‘Most ATMs worked, but other services came to a standstill’

Banking services in the State were severely disrupted on Wednesday as more than 70,000 bank employees joined the nationwide two-day strike to protest against the Union government’s move to introduce “reforms” in the banking industry. “Although most of the ATMs were working, all work in banks that require human intervention came to a standstill,” said B.S. Ravindra, convener of the United Forum of Bank Unions (UFBU), the platform of nine bank unions. Foreign exchange transactions were affected because the operations of the largest Indian bank, the State Bank of India, were severely hit.

H. Vasanth Rai, general secretary, Karnataka Pradesh Bank Employees’ Federation, an affiliate of the All India Bank Employees’ Association (AIBEA), said the strike evoked “a massive response”. He said fund transfers and clearing of cheques were severely affected.

G.D. Nadaf, general secretary, All India State Bank Officers’ Federation (AISBOF), said the widespread use of outsourced servicing of ATMs would ensure that ATMs would not run dry on Thursday. “Ironically, one of the major issues raised by us pertains to the increasing outsourcing by banks in all aspects of their business,” Mr. Nadaf said. He said more than 7,000 employees of the State Bank of India Group in the State — 4,000 workers and 3,000 officers — participated in the strike.

The strike, spearheaded by the UFBU, an umbrella that represents the interests of more than 10 lakh workers and officers in the industry, is mainly against the government’s move to amend banking regulations aimed at giving private and foreign entities a greater say in the boards of banks. The UFBU has protested against the move to lift the cap on voting rights of foreign entities holding shares in Indian banks.

‘Rampant outsourcing’

“We are also protesting against the rampant outsourcing of work in banks,” Mr. Rai said. “Banks are outsourcing more work even as they have clamped down on fresh recruitment,” he said. Operations relating to security, operation and maintenance of ATMs, clearing of cheques and computer hardware operations are being increasingly outsourced, he said. “Some banks are even outsourcing work at the counters in branches,” he said. The branches of the “new generation private banks” such as the ICICI, HDFC and ING Vysya worked on Wednesday. “Our unions have been unable to make inroads into these banks,’ admitted Mr. Rai. Most of the workers and officers in these banks are employed on contract, enjoy no security of tenure, and are beyond the pale of the Industrial Disputes Act, which guarantees a measure of protection to workers, Mr. Rai said. He said the unions are planning to organise these contract workers in a separate union, demanding that they be either absorbed as permanent employees or be given pay on a par with regular workers.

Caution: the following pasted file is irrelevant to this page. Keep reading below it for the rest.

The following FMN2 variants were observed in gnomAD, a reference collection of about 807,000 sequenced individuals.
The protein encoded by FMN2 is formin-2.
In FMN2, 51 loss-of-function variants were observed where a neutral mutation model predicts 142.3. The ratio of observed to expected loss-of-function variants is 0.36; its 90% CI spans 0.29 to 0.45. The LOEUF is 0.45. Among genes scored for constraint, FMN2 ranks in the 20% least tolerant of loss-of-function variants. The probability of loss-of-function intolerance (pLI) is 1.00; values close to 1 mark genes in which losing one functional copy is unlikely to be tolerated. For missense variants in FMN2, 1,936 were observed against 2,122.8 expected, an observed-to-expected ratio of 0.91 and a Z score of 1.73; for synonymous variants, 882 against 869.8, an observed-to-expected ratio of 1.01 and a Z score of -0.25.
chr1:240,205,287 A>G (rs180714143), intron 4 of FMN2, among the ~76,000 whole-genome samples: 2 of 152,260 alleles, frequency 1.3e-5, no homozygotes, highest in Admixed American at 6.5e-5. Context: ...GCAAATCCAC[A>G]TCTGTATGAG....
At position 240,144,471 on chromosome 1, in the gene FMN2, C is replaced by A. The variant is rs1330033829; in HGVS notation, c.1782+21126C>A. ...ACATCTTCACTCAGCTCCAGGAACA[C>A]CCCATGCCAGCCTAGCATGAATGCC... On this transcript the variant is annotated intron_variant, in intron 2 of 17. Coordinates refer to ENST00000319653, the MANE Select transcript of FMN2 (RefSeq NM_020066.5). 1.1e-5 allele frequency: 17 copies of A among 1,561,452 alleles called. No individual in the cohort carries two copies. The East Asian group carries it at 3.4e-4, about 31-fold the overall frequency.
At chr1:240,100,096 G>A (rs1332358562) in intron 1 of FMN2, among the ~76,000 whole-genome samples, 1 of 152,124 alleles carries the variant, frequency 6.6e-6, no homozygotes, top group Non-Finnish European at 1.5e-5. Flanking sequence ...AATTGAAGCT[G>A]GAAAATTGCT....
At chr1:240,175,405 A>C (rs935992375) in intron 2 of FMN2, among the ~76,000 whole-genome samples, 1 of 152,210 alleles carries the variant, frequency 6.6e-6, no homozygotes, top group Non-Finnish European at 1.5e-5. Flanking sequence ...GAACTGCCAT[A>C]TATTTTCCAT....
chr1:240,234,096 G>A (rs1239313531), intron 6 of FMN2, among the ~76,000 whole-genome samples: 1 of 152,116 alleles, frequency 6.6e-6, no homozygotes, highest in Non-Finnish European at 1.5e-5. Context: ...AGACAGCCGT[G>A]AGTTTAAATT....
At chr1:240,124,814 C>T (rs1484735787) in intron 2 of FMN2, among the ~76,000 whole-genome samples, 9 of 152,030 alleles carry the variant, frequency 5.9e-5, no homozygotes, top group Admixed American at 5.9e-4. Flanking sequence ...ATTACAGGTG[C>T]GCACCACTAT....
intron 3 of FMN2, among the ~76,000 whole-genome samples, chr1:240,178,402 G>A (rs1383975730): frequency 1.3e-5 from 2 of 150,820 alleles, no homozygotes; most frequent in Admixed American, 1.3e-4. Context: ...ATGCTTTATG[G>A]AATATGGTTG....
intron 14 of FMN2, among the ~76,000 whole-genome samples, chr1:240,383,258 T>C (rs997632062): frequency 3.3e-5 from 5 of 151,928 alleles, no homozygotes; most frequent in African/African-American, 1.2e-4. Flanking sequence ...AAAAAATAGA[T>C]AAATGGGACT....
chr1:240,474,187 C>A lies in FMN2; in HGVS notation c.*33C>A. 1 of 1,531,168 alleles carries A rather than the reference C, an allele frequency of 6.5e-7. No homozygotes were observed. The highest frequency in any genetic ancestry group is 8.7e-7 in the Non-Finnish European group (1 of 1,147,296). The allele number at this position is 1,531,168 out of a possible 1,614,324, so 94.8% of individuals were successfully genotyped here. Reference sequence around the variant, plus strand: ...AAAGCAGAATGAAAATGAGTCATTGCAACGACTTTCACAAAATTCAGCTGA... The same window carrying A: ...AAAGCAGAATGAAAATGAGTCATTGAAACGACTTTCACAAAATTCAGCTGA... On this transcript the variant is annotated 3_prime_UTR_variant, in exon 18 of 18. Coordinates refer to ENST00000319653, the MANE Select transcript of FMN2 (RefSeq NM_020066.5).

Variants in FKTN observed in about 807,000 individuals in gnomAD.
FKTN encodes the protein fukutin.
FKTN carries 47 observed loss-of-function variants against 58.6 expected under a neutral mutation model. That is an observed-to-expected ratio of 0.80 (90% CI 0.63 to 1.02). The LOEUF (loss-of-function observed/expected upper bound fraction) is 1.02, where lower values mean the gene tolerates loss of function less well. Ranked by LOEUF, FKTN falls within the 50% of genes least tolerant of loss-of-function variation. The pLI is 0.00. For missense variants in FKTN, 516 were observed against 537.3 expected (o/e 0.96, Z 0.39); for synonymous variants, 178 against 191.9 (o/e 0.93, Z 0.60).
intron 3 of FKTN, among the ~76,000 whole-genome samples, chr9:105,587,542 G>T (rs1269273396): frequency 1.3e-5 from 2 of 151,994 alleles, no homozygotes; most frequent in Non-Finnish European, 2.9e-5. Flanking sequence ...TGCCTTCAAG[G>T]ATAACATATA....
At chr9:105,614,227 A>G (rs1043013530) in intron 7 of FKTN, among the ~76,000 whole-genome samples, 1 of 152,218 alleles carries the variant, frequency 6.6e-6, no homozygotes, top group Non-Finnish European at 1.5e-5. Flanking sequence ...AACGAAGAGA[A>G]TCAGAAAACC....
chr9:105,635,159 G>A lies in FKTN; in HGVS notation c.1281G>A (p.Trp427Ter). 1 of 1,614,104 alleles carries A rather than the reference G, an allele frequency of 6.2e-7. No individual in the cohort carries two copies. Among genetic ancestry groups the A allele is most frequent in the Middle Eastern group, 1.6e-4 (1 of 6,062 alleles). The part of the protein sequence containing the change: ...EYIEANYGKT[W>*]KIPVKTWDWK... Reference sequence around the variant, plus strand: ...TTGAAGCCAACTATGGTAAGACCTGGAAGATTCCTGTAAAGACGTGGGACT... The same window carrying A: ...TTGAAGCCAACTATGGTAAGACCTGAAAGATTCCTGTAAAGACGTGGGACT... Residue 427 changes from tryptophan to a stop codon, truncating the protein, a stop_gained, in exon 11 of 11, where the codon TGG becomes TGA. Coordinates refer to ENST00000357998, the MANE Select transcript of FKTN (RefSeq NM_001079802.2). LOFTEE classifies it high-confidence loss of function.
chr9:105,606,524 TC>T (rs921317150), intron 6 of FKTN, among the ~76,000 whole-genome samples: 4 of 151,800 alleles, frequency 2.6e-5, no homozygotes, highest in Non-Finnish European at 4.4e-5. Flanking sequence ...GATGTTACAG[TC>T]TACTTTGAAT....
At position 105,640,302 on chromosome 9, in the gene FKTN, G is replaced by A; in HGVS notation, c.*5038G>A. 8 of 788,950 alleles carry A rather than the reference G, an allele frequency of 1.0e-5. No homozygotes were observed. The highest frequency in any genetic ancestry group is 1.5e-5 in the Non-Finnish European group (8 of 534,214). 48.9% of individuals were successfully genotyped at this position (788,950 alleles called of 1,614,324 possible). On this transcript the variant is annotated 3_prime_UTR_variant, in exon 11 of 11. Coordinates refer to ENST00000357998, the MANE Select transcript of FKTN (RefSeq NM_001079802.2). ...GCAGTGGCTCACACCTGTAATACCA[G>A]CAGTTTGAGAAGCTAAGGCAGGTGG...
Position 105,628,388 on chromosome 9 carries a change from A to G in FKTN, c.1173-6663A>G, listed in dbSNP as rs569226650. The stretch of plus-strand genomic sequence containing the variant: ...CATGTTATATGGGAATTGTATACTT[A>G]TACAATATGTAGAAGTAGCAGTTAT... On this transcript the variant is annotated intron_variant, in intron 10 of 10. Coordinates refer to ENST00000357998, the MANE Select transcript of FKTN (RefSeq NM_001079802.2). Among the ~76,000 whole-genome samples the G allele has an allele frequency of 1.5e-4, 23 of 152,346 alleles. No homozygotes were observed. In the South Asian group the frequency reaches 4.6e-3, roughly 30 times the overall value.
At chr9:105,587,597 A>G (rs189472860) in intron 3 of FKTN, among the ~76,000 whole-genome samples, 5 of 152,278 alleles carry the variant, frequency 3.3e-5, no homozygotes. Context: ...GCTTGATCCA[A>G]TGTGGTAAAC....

Bank employees held a rally in the city. Mr. Ravindra said demonstrations were also held at district headquarters across the State. The UFBU has directed its constituents to organise separate demonstrations by employees of various banks on Thursday.

Outsourced contractors service about 60 per cent of the ATMs, said Mr. Ravindra. The remaining, which are serviced by the banks themselves, may be, he added. About 3,000 branches of 26 public sector banks and 12 old-generation private sector banks were affected by the strike.

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